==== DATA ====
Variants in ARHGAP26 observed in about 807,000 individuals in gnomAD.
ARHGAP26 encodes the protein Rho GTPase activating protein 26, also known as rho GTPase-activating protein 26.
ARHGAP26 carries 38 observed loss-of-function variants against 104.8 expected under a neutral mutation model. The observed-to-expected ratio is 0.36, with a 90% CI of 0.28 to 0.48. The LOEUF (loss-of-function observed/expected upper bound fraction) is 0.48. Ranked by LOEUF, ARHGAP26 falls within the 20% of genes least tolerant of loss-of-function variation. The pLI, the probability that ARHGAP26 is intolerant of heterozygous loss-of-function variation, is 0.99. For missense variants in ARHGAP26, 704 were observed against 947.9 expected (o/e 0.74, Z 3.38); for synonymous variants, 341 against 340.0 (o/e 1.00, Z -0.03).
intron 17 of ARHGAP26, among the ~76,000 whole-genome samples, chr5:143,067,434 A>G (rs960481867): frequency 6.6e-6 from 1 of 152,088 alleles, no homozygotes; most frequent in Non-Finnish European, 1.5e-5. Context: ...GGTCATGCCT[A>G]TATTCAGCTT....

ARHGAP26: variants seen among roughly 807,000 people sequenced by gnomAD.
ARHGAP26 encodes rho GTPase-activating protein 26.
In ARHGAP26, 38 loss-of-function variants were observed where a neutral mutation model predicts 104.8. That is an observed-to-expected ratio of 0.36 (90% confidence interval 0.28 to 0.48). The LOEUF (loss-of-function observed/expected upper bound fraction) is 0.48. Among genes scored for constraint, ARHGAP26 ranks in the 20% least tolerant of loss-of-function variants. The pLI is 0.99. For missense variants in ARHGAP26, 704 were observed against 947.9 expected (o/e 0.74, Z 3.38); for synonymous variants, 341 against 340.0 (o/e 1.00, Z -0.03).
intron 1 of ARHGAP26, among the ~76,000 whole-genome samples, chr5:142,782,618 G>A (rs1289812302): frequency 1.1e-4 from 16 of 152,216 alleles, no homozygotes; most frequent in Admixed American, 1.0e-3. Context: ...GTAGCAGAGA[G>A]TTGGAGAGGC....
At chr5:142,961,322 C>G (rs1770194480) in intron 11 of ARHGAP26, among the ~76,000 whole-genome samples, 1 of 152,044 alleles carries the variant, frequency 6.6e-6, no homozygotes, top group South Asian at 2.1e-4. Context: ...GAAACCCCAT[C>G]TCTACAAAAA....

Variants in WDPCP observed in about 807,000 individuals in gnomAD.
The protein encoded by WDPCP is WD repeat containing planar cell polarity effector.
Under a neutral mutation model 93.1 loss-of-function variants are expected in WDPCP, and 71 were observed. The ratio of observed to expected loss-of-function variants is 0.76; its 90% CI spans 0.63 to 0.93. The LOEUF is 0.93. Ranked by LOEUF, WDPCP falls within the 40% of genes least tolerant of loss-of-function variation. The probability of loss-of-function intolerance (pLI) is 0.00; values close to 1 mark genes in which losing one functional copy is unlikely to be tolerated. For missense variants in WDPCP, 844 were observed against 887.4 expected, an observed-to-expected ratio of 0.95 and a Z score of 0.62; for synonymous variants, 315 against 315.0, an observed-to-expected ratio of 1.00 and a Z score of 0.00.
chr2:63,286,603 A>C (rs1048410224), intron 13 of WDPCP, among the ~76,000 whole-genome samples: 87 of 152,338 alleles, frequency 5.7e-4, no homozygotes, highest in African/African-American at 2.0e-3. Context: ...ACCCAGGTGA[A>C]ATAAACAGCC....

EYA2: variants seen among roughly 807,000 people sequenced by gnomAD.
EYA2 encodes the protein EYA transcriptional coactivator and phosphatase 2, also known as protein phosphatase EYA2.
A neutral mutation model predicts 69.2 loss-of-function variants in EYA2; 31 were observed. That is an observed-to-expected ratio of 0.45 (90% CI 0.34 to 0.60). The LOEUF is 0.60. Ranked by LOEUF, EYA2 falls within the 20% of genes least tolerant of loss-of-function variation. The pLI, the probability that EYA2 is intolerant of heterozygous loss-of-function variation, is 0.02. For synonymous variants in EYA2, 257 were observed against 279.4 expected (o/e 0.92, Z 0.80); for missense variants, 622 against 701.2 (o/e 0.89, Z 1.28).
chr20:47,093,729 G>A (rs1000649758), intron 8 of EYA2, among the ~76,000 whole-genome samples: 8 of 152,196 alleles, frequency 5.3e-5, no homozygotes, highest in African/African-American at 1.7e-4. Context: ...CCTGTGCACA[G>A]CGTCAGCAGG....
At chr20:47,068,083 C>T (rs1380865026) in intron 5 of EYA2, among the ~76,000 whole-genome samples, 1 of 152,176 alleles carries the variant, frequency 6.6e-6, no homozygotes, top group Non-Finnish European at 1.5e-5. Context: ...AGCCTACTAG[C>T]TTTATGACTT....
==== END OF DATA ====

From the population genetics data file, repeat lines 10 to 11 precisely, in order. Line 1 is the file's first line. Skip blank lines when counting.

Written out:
Variants in WDPCP observed in about 807,000 individuals in gnomAD.
The protein encoded by WDPCP is WD repeat containing planar cell polarity effector.